Chief defends decision to fire officer who hit suspect with patrol car

Taylor Saulters was hired as an Oglethorpe County sheriff's deputy on Monday, just one day after he was dismissed by the Athens-Clarke County Police.

ATHENS, Ga. — The police chief who fired one of his officers after he hit a fleeing suspect with his patrol car is defending his decision after Channel 2 investigative reporter Wendy Halloran obtained secret recordings of the chief that the fired officers attorney says contradict internal investigative documents released by the department.

Taylor Saulters was hired as a deputy with the Oglethorpe County Sheriff's Office on Monday, two days after he was dismissed by the Athens-Clarke County Police Department.

Police Chief Scott Freeman fired Saulters after reviewing body camera footage showing Saulters used his patrol car to hit the suspect, who was trying to run from his partner.

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“At the end of the day, what we are left with is the incontrovertible evidence that is very clear on this bodycam footage of this incident," said Freeman.

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Freeman met with his rank and file on Wednesday over the fallout from Saulters' firing, when came two days after a preliminary internal affairs investigative report was released. The report said, "Officer Saulters’ use of the patrol vehicle was a seizure of Patmon through a means intentionally applied and was not objectively reasonable based on the information that he had at the time when evaluated under Graham v. Connor, 490 U.S. 386 (1989)."

Some of the officers surreptitiously recorded Freeman's remarks.

Halloran, with the help of Saulters' attorney, Phillip Holloway, obtained recordings of what Freeman said.

This is how the meeting started:

Freeman said, “Before we get started, um, before we start, I want to get a sense of the feeling that you’re experiencing right now, and I want you to understand, um, that you can’t help how you feel. You can’t help how you’re thinking right now, regardless of what side of the fence you’re on. And so if you want to share that, um, please feel free to do so at this time."

On the recording, there is silence. No one can be heard at that point offering up how they feel about the handling of this incident and their colleague's firing.

Then, Freeman said, "I want you to know, right from the very beginning, I do not think, regardless of what the GBI determines, that he intended to hit him. There's not a fiber in my body that believes that."
Halloran asked Freeman if he contradicted himself.

"I don't believe it's a contradiction in any way, shape or form," he said. "I told my police officers that it was not acceptable under any circumstances and I would not allow for our officers to have the perception that it was OK to use a police vehicle to chase down anybody in that same situation."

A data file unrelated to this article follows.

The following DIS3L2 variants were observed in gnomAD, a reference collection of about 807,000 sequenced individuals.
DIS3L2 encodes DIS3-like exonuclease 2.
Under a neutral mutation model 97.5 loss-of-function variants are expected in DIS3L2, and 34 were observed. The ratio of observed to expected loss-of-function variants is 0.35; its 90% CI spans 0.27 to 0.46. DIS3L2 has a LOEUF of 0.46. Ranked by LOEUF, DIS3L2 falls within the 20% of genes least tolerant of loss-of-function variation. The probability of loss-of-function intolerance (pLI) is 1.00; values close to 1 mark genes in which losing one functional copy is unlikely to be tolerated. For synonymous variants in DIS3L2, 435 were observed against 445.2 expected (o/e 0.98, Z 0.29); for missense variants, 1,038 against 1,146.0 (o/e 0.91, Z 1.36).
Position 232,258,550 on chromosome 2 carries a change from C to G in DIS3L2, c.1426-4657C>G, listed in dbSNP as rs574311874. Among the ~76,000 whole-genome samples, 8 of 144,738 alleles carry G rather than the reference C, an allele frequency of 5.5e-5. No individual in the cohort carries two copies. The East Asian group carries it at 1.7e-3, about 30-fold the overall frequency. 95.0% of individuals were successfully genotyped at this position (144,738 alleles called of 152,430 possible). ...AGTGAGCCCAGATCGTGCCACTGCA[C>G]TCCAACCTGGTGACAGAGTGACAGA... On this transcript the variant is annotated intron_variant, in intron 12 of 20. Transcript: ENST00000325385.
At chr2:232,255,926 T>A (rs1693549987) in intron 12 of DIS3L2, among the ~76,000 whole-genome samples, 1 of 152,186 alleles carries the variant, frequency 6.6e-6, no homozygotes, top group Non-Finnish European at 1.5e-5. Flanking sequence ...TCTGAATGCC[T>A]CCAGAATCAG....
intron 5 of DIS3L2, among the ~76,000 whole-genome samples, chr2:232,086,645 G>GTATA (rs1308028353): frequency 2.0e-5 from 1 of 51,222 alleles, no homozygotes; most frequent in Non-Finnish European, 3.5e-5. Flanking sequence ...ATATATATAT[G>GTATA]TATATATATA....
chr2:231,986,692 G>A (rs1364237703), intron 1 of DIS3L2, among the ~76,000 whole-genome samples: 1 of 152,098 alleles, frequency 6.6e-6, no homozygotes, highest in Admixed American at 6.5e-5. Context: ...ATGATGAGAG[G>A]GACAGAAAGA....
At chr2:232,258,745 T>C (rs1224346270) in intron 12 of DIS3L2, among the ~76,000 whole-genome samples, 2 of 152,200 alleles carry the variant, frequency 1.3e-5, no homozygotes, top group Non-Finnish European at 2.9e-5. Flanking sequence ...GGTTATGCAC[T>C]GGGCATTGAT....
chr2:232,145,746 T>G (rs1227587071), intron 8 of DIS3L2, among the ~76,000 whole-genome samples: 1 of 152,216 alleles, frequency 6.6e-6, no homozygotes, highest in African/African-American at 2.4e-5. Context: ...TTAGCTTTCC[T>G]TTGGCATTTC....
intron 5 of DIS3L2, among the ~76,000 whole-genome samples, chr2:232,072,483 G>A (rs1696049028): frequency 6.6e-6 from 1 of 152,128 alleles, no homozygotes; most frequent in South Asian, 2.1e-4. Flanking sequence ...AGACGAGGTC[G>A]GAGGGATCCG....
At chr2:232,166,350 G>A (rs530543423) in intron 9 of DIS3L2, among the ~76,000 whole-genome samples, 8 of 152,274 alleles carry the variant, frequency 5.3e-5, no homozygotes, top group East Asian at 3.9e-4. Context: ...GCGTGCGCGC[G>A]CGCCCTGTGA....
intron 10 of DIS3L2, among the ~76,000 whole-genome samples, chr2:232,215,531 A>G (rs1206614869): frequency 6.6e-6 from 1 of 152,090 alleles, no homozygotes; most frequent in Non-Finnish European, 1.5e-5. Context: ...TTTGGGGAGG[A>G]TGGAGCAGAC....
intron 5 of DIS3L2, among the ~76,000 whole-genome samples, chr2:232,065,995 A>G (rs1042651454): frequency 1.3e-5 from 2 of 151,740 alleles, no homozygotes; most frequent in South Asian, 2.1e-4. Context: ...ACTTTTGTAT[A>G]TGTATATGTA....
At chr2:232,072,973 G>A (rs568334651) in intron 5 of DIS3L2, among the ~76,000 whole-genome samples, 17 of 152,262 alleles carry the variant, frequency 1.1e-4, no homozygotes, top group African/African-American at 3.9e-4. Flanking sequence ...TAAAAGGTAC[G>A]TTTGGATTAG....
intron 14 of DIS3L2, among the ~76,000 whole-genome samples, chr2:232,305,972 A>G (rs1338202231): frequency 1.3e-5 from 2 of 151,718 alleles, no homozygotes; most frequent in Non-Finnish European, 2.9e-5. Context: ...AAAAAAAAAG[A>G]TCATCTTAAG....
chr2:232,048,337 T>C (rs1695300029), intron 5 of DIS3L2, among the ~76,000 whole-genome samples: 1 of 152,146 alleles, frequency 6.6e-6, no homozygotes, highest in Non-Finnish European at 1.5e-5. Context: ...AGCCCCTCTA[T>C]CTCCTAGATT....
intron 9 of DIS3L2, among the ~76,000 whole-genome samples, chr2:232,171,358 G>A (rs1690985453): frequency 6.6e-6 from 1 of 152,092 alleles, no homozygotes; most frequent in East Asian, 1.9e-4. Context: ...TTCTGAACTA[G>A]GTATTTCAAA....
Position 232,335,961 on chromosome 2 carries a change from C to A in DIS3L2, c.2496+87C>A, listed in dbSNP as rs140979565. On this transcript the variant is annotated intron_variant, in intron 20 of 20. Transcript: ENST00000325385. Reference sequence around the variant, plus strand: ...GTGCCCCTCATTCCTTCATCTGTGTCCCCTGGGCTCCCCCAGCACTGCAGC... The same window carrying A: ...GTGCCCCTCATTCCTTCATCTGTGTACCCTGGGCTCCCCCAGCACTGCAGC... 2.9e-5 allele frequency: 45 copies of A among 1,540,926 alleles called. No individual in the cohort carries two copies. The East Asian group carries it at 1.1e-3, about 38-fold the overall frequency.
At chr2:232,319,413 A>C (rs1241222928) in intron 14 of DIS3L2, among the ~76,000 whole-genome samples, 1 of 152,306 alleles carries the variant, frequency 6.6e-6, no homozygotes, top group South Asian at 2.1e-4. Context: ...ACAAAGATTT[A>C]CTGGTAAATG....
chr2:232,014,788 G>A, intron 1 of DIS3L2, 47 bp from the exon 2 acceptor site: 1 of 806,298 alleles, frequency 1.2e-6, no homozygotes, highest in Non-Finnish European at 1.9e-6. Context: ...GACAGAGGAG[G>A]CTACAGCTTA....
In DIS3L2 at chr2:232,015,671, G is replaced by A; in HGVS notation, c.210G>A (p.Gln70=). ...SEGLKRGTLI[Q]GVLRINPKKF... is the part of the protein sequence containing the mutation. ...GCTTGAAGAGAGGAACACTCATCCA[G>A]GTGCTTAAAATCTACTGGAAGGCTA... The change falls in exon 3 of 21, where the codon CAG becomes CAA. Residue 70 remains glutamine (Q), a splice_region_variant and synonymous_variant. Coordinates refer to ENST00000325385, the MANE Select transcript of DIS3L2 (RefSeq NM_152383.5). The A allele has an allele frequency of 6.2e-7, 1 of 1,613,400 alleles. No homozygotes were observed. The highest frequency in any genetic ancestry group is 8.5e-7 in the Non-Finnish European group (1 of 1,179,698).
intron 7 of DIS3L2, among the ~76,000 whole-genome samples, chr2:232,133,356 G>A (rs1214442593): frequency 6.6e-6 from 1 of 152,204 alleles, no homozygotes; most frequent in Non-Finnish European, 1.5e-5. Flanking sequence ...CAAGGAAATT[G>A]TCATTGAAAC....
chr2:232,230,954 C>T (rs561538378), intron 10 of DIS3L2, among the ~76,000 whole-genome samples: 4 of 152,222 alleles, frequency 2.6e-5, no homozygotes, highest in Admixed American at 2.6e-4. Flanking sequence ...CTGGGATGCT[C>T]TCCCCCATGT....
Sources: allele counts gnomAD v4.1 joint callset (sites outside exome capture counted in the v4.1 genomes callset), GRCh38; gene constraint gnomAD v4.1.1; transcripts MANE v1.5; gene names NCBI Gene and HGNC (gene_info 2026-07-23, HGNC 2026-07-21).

When asked by Halloran again if he had contradicted himself and why he had given his personal opinion,

Freeman said, “I don’t believe so and the reason I say that is my feelings are very subjective. It’s a very emotional part of what I do as a human being.”

Saulters' Marietta-based attorney, Phillip Holloway, takes exception to Freeman's conversation with his officers. He issued the following statement:

“I'm pleased that when confronted by his own officers Chief Freeman decided to tell the truth. However, this admission raises more questions about his true motive in deciding to fire Officer Saulters before any meaningful investigation had been done. Since it was not intentional then firing him was uncalled for. Whatever the case, it appears he's trying to maintain control of an agency that seems to have lost confidence in its leadership.”

Halloran read Holloway's entire statement to Freeman and asked him if he feels that he's lost the confidence of his officers.

“I certainly hope not. My police officers and the entire community, everyone sees that for what it is. It’s a difficult situation. I stand by my decision 100%,” said Freeman.

Freeman said that, if he had recorded the meeting, he would have supplied Halloran with a copy of the recording in its entirety. He said he would not try to find out which officers leaked the recording and that he had nothing to hide.

The suspect, Timmy Patmon, is a convicted felon who was wanted on a felony warrant. He was hospitalized with scrapes and bruises before being jailed on a probation violation and for obstruction of justice after fleeing from Officer Blackmon.

The Georgia Bureau of Investigation will determine if Saulters' actions were criminal in nature. Freeman said the Georgia State Patrol found Saulters at fault in the traffic-related part of this case.